The ZK 471 (later renamed the ZK 473) is a prototype Czech submachine gun.
History[edit | edit source]
Designed in 1947 by Czech engineer Josef Koucký, an employee of ZB, the ZK 471 was one of a number of submachine guns tested by the Czech which incorporated the idea of having the center of gravity of the magazine as close as possible to the gun's bore axis.
The first prototype was designed in 1947 and presented to the VTÚ in March that year; the weapon performed poorly compared to other similar weapons of the time due to its complex action. Another version, a paratroop version, was produced and was known as the ZK 473 p. The project was canceled in November 1947.
One ZK 471 survives in the Czech Military History Museum.
Design Details[edit | edit source]
A very strange and unconventional submachine gun, even by modern standards, the ZK 471 is a blowback-operated submachine gun with an unconventional layout despite fairly normal looks.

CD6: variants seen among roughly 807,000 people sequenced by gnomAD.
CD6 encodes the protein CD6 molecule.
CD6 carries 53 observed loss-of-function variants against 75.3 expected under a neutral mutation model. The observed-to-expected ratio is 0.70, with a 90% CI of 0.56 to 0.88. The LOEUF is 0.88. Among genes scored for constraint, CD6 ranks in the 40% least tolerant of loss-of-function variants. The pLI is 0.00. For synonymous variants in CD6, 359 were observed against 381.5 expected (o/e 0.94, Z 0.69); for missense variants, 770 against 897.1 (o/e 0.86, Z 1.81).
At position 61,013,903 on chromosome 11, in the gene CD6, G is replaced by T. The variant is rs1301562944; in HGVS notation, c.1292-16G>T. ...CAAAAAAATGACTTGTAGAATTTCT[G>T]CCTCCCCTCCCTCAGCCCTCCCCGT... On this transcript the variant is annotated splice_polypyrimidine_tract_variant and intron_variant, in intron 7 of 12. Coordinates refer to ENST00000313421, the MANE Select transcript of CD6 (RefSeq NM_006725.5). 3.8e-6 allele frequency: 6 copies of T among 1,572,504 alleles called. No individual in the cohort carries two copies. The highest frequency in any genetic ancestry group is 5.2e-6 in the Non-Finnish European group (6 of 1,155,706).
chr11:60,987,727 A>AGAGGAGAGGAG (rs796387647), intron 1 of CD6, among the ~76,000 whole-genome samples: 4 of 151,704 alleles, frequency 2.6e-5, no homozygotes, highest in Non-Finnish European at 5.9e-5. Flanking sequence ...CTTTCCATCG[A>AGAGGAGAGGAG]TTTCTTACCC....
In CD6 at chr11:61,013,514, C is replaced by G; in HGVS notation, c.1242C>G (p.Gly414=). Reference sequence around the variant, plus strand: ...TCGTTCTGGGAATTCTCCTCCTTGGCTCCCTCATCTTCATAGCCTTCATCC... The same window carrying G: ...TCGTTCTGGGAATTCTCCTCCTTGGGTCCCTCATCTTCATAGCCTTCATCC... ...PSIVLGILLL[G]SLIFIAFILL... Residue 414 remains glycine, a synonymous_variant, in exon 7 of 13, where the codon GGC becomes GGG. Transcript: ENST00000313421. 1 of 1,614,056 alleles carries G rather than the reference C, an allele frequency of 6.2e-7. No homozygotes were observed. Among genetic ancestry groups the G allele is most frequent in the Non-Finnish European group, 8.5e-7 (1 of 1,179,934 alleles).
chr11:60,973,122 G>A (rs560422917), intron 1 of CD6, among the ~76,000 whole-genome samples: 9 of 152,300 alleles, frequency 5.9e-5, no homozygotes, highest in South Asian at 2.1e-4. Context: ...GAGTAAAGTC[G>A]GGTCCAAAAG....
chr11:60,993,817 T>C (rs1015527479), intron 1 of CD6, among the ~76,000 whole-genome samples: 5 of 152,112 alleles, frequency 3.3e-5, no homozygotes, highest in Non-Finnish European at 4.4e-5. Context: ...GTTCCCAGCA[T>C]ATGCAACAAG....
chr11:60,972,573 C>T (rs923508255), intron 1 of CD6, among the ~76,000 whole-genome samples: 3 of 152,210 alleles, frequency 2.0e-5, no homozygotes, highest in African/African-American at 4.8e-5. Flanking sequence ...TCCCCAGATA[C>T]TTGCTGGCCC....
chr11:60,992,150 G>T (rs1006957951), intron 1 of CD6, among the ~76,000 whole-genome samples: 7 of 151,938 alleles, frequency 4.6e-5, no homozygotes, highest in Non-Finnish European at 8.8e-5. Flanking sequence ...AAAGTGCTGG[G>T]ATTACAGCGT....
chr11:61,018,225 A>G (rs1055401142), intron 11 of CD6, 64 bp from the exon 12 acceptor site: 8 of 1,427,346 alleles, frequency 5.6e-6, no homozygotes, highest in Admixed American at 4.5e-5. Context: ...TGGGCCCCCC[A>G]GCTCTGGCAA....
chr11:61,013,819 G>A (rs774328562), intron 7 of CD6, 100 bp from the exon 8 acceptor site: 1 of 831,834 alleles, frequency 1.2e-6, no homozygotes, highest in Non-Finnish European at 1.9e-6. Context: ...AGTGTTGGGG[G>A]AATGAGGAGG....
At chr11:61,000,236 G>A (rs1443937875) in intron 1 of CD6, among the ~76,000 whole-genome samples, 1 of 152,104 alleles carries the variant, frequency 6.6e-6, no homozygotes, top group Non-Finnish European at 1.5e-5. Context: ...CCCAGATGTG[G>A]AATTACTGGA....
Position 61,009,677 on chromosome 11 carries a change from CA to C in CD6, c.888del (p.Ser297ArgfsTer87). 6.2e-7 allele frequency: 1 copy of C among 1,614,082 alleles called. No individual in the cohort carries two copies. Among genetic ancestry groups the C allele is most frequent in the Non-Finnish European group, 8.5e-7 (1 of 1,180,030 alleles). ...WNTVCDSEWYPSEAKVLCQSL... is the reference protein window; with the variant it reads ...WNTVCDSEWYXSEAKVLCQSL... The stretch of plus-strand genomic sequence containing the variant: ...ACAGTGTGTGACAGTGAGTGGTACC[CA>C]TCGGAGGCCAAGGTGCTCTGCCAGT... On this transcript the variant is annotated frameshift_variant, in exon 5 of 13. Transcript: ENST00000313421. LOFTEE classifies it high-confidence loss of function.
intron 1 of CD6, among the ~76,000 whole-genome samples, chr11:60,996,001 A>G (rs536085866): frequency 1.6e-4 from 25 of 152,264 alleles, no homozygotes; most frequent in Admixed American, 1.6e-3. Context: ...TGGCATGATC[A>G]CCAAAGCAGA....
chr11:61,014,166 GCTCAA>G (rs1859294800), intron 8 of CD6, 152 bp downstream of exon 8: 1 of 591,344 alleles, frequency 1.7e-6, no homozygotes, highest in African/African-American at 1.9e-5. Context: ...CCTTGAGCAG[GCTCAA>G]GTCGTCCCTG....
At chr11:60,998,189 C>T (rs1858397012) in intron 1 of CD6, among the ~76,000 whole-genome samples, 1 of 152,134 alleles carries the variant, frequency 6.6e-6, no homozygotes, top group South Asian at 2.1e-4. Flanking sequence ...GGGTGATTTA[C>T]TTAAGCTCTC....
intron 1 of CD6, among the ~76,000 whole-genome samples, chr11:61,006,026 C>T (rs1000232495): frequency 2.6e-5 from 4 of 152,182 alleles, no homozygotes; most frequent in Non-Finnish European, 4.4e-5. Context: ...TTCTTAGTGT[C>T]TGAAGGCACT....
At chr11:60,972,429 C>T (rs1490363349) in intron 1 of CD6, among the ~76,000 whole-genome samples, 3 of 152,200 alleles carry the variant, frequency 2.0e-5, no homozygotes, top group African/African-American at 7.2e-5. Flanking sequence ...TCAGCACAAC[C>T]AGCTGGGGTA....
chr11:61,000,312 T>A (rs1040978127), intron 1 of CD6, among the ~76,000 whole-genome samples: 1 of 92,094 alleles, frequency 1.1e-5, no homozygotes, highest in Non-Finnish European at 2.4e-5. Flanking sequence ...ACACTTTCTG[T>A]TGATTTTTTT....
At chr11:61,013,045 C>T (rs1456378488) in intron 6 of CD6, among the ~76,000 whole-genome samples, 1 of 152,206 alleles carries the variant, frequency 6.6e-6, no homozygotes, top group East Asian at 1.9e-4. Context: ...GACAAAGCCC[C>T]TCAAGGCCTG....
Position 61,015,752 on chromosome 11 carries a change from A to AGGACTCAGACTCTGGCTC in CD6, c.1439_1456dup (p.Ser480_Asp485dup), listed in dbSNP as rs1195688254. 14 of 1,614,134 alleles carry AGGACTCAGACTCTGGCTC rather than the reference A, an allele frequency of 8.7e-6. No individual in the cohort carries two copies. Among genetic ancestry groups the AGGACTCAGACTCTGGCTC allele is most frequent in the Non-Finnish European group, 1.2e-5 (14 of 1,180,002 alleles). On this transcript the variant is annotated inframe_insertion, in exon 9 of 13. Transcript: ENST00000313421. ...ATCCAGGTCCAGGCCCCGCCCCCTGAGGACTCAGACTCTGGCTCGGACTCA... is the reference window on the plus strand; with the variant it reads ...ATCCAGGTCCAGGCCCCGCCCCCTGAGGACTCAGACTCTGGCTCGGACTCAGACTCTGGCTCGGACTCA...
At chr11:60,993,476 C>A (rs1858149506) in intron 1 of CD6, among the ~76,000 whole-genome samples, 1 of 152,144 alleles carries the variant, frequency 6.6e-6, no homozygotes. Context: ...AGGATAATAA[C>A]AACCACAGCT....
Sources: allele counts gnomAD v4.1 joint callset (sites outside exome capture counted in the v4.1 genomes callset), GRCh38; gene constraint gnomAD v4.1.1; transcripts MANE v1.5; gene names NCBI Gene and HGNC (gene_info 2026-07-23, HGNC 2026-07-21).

The weapon has a very unique feeding layout and system; the magazine is inserted diagonally into the weapon from the back of the receiver. The weapon has a large switch on the left side of the weapon; this acts as a rate reducer. Toggling the lever appears to adjust a buffer on the inside of the weapon, adjusting the rate of fire in the process.
The only real safety the weapon has is the small notch the charging handle can rest in when cocked. The weapon has a two-stage trigger to allow for pseudo-select fire modes; however, the two stages inside the trigger are noted to be rather close together and so firing single shots may require additional training.
Variants[edit | edit source]
- ZK 473 p.
Paratroop variant. One prototype was produced; the prototype does not survive today and was most likely destroyed.